Biff Kincaid, the stand-up comic who delivers punchlines and punches with equal vigor, finds his inner sleuth aroused when he’s asked to sub for Tiger Moore, a Vegas headliner who’s been suddenly indisposed by a knife in the stomach. Who was the assailant? No one seems to know, but there is a clue. Spray-painted on the wall of Tiger’s hotel room is a warning: “Get off the stage. You suck.” Clearly, someone didn’t think the defunct comic was a lot of laughs. Tiger, however, is not alone in failing to measure up. Pretty soon stand-up comics are dying all over the place without benefit of metaphor. Switching from jester’s cap to deerstalker, Biff sets out to discover the why of it, convinced the why will eventually lead to the who. And soon enough he finds that the current round of Late Comics is rooted in the brutal killing of a young tyro some years ago who got involved with the wrong people. Or was that murder really murder? As he follows clues that take him from Vegas to L.A. and back again, Biff begins to wonder whether reports of Chad Karp’s death aren’t greatly exaggerated. And whether the heckler/murderer may not be putting together his own headliner: an act of vengeance.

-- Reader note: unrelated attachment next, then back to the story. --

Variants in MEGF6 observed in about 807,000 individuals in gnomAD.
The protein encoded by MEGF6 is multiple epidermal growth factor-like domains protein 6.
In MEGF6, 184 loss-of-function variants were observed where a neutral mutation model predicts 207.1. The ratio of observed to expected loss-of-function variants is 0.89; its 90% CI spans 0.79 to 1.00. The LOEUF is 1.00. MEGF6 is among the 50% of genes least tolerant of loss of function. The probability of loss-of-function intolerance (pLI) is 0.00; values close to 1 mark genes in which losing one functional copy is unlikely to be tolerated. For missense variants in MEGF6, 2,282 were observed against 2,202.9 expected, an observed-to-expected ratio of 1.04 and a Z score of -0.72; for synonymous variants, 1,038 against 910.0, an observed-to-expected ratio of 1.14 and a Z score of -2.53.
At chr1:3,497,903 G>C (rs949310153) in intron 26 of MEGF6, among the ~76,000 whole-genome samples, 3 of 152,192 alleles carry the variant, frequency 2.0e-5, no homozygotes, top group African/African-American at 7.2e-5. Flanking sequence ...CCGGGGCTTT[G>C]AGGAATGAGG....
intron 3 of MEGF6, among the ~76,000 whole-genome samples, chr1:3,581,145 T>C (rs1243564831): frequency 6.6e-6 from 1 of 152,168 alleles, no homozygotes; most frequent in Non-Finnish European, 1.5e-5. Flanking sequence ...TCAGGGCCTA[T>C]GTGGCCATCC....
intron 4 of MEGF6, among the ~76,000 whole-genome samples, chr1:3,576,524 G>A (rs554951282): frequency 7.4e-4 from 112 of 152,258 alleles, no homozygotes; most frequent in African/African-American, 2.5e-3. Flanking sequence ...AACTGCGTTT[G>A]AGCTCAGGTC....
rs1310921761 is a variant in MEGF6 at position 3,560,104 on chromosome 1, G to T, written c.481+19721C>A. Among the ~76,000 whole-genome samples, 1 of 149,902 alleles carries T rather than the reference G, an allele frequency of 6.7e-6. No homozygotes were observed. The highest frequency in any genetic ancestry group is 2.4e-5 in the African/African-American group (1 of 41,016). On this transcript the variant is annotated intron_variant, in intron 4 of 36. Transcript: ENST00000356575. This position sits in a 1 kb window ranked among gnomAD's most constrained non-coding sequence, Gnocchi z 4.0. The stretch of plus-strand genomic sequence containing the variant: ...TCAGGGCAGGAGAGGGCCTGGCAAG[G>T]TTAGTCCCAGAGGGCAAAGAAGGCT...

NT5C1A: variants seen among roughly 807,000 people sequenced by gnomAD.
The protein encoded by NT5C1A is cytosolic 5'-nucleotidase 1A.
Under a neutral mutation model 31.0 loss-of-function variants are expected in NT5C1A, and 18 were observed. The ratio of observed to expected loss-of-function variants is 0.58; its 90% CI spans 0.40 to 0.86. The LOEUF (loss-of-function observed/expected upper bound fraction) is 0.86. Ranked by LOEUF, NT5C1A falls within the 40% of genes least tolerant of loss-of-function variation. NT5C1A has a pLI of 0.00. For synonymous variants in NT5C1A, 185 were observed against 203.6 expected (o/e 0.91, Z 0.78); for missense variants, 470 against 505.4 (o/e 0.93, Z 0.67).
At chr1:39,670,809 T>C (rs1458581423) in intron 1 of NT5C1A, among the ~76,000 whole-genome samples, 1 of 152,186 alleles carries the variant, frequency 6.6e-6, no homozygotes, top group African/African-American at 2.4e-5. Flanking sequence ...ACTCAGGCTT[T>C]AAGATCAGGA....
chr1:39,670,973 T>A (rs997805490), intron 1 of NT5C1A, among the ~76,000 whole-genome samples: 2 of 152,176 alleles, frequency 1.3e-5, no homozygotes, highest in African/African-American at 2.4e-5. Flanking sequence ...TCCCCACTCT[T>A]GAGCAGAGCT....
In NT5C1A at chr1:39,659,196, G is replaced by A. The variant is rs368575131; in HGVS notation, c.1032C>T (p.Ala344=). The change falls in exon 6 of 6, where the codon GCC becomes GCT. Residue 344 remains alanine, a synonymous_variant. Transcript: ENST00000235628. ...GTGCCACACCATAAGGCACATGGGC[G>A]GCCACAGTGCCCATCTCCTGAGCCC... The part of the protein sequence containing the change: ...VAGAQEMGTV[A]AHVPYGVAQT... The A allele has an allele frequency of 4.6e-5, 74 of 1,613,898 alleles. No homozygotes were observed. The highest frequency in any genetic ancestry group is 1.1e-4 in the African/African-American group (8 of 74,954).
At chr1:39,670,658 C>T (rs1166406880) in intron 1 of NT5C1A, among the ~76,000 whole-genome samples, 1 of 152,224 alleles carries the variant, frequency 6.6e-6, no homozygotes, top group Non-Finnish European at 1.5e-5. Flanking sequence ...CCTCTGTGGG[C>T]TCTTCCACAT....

Too long, too far-fetched. As he did in his debut (Killer Material, 2000), Barton successfully evokes the bleak world of professional funnymen, but—to paraphrase the incisive Henny Youngman—take that world. Please.